Fort-Wadsworth-Lighthouse-Staten-IslandFort Wadsworth Lighthouse in the 19th century |

New York City got to be what it is today because of its waterways. Ships would enter the New York Harbor from the Atlantic Ocean through the Narrows and head up the Hudson River to the Erie Canal. These trips were not without their dangers and like any maritime city, New York had plenty of lighthouses to protect these ships from going aground on rocky shores.

This August marks the 225th anniversary of George Washington signing the Lighthouses Act of 1789. In celebration of this historic event, the National Lighthouse Museum is scheduled to open on August 7, at the St. George Waterfront on Staten Island. A labor of love 15 years in the making, the museum will be located at the site of the U.S. Lighthouse Service Depot, the center of lighthouse operations for the United States from 1863 to 1966.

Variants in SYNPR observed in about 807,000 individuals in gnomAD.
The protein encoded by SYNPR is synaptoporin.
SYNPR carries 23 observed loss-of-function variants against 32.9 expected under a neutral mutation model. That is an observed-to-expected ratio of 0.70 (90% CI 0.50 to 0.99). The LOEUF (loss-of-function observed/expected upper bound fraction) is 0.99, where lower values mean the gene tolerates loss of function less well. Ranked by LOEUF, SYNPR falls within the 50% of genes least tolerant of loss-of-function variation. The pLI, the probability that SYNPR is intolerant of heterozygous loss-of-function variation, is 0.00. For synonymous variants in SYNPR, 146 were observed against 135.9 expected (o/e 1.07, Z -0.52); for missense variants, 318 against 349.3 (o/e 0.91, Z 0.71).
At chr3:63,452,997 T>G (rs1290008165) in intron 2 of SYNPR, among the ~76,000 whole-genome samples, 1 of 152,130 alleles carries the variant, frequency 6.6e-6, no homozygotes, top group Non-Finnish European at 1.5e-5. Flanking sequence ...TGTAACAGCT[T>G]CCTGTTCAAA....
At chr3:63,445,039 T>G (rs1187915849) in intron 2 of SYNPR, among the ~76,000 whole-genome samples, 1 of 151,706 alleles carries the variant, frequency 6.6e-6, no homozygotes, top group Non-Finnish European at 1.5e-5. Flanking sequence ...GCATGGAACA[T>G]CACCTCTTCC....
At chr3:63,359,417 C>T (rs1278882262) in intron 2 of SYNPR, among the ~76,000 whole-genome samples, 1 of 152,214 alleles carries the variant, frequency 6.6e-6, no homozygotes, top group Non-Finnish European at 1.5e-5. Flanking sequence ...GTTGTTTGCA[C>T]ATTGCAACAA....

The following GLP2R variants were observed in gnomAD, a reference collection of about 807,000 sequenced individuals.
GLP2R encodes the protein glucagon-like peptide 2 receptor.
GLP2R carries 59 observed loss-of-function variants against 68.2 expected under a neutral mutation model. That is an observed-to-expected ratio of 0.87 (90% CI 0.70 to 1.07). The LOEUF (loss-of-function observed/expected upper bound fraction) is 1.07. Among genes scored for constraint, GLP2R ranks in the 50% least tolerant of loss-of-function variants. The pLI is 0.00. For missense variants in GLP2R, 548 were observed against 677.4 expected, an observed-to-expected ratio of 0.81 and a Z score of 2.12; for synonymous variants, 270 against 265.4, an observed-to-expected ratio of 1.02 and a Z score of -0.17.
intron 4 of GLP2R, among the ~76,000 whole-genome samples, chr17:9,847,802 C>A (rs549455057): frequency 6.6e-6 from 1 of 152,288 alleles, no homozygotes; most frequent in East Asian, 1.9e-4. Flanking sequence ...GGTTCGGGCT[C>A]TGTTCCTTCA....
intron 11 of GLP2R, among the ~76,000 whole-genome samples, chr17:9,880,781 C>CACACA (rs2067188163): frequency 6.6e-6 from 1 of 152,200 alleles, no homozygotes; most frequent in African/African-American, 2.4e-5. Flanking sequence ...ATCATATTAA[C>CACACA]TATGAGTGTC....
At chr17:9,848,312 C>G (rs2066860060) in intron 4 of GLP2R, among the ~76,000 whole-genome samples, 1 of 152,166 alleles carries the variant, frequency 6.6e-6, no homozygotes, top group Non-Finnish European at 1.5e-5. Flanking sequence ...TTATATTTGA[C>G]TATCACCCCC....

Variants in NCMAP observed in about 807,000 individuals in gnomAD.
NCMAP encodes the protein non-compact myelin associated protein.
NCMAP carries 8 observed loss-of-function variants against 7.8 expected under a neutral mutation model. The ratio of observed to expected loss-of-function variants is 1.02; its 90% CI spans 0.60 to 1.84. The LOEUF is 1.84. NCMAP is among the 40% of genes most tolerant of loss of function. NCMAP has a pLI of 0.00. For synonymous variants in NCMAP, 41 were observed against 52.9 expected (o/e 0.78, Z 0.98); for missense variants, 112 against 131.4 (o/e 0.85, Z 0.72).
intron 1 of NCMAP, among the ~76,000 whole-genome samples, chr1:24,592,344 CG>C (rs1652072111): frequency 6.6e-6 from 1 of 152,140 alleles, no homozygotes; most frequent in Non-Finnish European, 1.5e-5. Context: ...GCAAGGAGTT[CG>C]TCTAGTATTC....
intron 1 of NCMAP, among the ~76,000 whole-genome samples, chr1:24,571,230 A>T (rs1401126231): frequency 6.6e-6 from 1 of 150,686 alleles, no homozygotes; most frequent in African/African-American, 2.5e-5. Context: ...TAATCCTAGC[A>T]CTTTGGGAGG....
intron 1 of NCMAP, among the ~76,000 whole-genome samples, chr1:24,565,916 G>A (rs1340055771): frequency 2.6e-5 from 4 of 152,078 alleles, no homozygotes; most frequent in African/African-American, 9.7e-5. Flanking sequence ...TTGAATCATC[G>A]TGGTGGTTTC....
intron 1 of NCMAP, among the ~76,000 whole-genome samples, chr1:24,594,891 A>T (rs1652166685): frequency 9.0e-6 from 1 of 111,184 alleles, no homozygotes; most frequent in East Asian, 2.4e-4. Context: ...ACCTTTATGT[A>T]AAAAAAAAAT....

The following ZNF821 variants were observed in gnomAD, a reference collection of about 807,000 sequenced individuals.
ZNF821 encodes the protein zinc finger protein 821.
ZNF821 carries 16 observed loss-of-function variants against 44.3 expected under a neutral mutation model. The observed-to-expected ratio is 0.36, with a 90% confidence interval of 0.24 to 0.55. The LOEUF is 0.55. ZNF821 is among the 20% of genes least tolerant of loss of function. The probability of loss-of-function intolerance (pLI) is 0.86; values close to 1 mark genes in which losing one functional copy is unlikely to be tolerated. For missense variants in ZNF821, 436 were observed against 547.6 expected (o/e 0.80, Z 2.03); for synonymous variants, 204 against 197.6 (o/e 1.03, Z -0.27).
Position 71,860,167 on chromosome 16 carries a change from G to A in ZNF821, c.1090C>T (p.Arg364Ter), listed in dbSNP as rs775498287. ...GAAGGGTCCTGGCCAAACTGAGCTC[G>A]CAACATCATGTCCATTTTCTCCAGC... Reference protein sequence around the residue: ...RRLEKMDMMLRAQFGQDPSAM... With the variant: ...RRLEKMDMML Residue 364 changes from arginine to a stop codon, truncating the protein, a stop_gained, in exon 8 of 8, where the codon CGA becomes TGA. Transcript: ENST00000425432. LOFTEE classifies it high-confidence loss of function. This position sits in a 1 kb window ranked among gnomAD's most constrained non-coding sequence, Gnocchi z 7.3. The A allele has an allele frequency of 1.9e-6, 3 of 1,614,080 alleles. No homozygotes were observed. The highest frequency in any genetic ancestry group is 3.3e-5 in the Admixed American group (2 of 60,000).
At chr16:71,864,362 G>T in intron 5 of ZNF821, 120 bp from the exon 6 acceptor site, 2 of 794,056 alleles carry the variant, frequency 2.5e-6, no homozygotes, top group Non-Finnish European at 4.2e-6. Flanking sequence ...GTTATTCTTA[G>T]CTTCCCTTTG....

staten-island-museum-site-bill-lyonsThe U.S. Lighthouse Service Depot complex | Bill Lyons via

The National Lighthouse Museum will be a place for visitors to learn about American lighthouse history and will feature artifacts from lighthouses around the country, with a emphasis on the lighthouses of New York. The mission of this museum is to preserving lighthouse heritage through “education programs, publications, films, festivals, living history, lighthouse trails, conferences, and other such offerings.”

staten-island-lighthousesLighthouses of Staten Island | via,,

The opening of the museum is just the earliest of many planned developments set to transform the area around the St. George Ferry Terminal. Soon the museum will be accompanied by the New York Wheel, the largest Ferris Wheel in the world; and the Empire Outlets, consisting of 125 designer outlet stores, restaurants, cafes, a banquet facility and a 200-room hotel.